I’ve spent a little bit of time listening to people debating what the Eagles should do during the off-season. Quarterback, defense, Brian Westbrook. There are a lot of questions. While listening I heard someone make the point that the Eagles organization needs some dissenting voices. Obviously, they need a common goal, to win a Super Bowl, but how about some fresh ideas about how to get that job done? I liked the idea, because the more you watch the Eagles, the more you realize they do every the same. I think Joe Banner could write a computer program for being the Eagles GM at this point, and just set it on auto-pilot.
The Eagles run their organization with the efficiency of a poker playing bot. All the calculations have been done. The information plugged into a database, and the decision pops out for them. A player is this old, plays this position, makes this much money…what should we do? The numbers will tell you, and the Eagles always seem to play it by the numbers. It’s a good approach in a number of areas. It keeps your salary cap number in check, and it also appears the Eagles have perfected the formula enough to assure some level of success. If we do the following….we won’t go 5-11.
They’re not the only team that does it, and football is not the only sport where it occurs. We have all been made keenly aware of Moneyball. Baseball scouts carry laptops now instead of stopwatches. Does Moneyball work? Sometimes. To a certain extent it does. The point isn’t that the ideas don’t have merit. The effective management of the salary cap, the ability to know when a player is past their prime, it all helps. But, sometimes there are exceptions to be made, or risks to be taken. A poker bot might give you the best chance of cashing in a tournament, but if you want to win the whole thing, you might have to override its decisions every once in a while.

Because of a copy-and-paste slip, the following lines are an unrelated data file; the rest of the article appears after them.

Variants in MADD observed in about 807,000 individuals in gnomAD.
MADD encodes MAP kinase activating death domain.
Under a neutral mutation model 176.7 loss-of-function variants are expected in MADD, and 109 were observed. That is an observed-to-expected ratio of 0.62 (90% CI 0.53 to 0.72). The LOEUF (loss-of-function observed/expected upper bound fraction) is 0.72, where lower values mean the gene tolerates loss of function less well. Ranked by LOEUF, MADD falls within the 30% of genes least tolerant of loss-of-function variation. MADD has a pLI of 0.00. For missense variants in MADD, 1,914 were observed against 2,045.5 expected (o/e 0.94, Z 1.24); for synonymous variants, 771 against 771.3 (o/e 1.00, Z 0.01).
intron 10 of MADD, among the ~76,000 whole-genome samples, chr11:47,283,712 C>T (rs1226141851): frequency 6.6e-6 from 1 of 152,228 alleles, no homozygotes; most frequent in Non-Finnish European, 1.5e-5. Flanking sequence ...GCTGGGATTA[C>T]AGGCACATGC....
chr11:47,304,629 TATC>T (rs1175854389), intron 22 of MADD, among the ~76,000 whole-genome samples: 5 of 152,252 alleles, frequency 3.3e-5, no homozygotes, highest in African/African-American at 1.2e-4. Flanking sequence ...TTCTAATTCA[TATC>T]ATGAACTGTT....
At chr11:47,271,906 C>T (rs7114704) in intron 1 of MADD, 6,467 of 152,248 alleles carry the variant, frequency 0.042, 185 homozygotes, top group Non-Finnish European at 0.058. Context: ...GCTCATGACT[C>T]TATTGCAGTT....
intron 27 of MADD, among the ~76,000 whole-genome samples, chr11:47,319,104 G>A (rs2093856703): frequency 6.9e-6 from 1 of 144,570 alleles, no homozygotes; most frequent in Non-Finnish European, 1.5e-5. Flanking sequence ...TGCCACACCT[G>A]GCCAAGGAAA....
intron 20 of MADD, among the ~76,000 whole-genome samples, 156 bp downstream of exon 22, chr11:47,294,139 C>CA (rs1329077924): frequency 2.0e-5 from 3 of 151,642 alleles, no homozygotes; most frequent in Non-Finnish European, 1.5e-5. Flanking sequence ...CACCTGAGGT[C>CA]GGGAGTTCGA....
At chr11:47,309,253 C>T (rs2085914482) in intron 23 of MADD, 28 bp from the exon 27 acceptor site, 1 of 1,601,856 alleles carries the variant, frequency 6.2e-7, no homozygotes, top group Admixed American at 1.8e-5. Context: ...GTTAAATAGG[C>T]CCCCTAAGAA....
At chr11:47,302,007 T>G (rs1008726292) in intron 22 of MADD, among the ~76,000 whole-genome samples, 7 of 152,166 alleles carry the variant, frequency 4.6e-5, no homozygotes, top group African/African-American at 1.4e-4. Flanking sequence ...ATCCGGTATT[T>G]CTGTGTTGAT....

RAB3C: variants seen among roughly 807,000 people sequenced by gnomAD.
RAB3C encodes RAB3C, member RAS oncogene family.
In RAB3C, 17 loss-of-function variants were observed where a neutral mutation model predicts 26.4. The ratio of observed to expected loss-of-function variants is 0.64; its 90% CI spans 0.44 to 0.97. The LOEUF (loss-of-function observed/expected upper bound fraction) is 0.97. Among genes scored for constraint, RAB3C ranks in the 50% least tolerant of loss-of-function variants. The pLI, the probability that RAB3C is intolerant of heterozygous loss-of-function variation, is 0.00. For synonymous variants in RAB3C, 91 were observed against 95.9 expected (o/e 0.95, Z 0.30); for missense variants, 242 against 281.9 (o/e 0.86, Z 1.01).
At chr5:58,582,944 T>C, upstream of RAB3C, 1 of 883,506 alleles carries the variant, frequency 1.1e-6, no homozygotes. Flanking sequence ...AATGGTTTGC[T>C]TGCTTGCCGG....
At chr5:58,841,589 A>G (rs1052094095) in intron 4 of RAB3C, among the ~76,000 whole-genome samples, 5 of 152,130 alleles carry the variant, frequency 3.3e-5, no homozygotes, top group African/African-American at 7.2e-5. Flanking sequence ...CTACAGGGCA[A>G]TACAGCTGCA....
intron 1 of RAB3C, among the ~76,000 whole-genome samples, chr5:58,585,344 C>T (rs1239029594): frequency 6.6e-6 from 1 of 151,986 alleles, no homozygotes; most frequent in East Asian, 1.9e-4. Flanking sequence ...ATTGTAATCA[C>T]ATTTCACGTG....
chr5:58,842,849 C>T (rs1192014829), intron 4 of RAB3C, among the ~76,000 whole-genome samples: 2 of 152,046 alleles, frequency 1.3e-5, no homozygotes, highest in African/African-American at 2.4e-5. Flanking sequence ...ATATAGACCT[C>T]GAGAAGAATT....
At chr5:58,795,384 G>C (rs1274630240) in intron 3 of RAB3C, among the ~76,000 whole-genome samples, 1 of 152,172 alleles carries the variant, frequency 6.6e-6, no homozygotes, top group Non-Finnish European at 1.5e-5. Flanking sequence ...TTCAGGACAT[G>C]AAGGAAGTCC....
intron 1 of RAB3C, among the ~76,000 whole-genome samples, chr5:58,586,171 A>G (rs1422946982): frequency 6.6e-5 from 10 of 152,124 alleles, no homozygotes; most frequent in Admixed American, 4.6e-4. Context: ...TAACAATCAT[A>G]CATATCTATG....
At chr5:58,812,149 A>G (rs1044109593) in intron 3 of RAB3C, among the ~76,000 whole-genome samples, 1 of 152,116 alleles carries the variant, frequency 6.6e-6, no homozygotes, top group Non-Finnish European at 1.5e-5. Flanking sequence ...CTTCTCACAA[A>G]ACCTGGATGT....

And, this is where the Eagles seem to be lacking. In the guts department. The killer instinct department. I’d just like to think there are people in charge of the organization that can judge whether or not a guy can play. In their grand scheme of things, Kevin Kolb should be ready to go. So, play him. Or, someone man up, and admit Kolb isn’t the answer. Trade him away, and admit he’s not Don’s replacement. Maybe they are unsure about Kolb. Well, don’t look at it like Donovan gives you the best chance to go 10-6. If you can trade Donovan for help, give Kolb a chance. If he plays well, maybe it’s 12-4 team, maybe you have a shot at something real. If he can’t play a lick, maybe you go 7-9, but who cares? At least they would have taken a shot.